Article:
Member Since: August 31, 2009 Posts: 0 Comments: 5628
Sept. 4 ENSO update from the CPC sez:

"The atmospheric circulation over the tropical Pacific is near average."
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Quoting 7544:
hmmm might see xisaac blow up in the gulf tonight stay tuned


He sure don't look like much tonight as far as I can see. Something exciting is going to have to happen in the next 6 hours or so.
Member Since: October 2, 2004 Posts: 0 Comments: 16207
Quoting garlicbulb:
What about TS John and its effects on California?


John is a big thief...totally just stole the name. worthless 40 mph storm...
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Quoting GTcooliebai:
Oh no this would be bad, the HWRF places Leslie right on top of Bermuda in 102 hrs.


I know..by presssure its a cat 4... but take the size into account...maybe 110 - 125 mph.

remember Isaac an 80 mph with a cat 2 pressure of 968?
still very bad for Bermuda
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Quoting GTcooliebai:
Oh no this would be bad, the HWRF places Leslie right on top of Bermuda in 102 hrs.



Won't happen unless Bermuda moves about 100 miles west. :)
Member Since: October 2, 2004 Posts: 0 Comments: 16207
Quoting garlicbulb:
What about TS John and its effects on California?


John is officially dead as a tropical storm. The remnant low may head for southern California in about 4-5 days. The biggest worry would be dry lightning, starting wildfires.
Member Since: October 2, 2004 Posts: 0 Comments: 16207
Oh no this would be bad, the HWRF places Leslie right on top of Bermuda in 102 hrs. Don't freak out though, HWRF usually overdoes the intensity, not sure how well it does on track, but I notice it usually follows suite with the GFS and GFDL.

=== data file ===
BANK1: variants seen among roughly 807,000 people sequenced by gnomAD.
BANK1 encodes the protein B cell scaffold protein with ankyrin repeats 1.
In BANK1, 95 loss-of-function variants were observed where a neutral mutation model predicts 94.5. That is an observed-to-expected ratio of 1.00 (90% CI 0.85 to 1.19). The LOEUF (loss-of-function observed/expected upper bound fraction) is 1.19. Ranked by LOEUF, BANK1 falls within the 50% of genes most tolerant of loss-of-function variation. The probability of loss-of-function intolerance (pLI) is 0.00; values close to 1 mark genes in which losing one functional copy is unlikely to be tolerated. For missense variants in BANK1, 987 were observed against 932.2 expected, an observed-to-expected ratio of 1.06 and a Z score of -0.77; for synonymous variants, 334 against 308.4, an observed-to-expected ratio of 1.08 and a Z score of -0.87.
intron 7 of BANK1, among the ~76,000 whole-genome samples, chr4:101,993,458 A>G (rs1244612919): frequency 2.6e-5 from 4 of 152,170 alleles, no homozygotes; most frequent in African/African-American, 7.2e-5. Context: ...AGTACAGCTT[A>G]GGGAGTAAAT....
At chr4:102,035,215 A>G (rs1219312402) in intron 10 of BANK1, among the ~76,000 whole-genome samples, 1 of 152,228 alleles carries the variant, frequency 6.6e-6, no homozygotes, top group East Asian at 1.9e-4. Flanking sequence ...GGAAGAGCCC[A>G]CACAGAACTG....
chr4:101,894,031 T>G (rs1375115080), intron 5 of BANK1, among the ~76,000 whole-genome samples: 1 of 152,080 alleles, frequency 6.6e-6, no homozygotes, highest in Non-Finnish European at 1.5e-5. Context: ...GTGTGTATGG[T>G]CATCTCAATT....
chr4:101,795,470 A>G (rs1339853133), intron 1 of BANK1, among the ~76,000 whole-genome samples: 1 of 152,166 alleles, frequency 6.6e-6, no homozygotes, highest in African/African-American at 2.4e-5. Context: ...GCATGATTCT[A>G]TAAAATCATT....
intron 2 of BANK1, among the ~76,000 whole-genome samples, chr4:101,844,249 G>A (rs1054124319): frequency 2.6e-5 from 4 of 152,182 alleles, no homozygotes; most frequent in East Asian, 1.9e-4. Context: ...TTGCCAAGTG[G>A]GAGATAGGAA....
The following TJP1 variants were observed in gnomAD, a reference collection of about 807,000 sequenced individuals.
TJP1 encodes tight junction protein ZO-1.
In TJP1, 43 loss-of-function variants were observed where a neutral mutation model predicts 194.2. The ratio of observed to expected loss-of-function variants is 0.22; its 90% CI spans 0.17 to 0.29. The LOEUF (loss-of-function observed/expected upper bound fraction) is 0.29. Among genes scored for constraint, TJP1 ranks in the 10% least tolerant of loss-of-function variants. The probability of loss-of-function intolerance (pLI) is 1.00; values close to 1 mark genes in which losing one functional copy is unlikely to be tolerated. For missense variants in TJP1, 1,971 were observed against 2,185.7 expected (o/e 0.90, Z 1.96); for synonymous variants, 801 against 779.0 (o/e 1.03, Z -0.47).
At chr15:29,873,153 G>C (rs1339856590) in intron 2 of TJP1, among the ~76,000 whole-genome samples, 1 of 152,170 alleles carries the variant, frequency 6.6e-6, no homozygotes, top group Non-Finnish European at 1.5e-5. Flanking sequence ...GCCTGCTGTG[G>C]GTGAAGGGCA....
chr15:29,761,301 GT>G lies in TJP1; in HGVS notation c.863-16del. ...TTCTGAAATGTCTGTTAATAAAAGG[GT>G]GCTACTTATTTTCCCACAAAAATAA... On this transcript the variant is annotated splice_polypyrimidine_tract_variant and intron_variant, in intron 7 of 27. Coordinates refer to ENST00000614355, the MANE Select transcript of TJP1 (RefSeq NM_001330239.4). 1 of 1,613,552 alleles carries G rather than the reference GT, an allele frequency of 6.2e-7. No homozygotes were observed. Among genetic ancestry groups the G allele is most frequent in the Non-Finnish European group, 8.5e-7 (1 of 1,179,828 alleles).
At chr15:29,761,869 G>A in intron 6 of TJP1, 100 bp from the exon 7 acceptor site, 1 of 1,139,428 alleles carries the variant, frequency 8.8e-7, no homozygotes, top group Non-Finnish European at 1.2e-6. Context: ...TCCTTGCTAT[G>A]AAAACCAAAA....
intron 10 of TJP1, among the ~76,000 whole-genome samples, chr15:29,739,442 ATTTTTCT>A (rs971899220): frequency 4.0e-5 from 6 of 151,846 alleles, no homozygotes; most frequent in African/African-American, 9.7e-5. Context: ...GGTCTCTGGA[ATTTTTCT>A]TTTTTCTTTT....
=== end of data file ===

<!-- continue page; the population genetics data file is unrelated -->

Member Since: August 31, 2009 Posts: 0 Comments: 5628
917. LBAR
Leslie's far outer debris clouds and outflow are starting to squish little Michael. He's holding his own, though!

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Quoting garlicbulb:
What about TS John and its effects on California?


I live in Soo Cal.......nada effect so far...maybe a bit of surf...thought it dissipated.
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I´m out
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Quoting Stoopid1:
Leslie's appearance has improved a good bit this morning.


indeed it has
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What about TS John and its effects on California?
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Leslie's appearance has improved a good bit this morning.
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Quoting Grothar:


I bet Morse Code would drive you to distraction. j/k


Do they still call that Diddy Bop?
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The clouds pattern is starting to seem like a Hurricane
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I am off to read a nice bedtime story before I enter the realm of dreams: Everything Won't Be Alright.
Now it's time to say Good Night.
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908. 7544
hmmm might see xisaac blow up in the gulf tonight stay tuned
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Leslie looking better all the time..
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Quoting Gearsts:
The wave off the coast of Africa.
Yeah I know I'm agreeing with you :)
Member Since: August 31, 2009 Posts: 0 Comments: 5628
Quoting GTcooliebai:
Uh huh...By the way it looks like our friend Leslie is trying to clear out an eye:

The wave off the coast of Africa.
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Quoting Xyrus2000:

In summary, every piece of scientific data goes against your claim.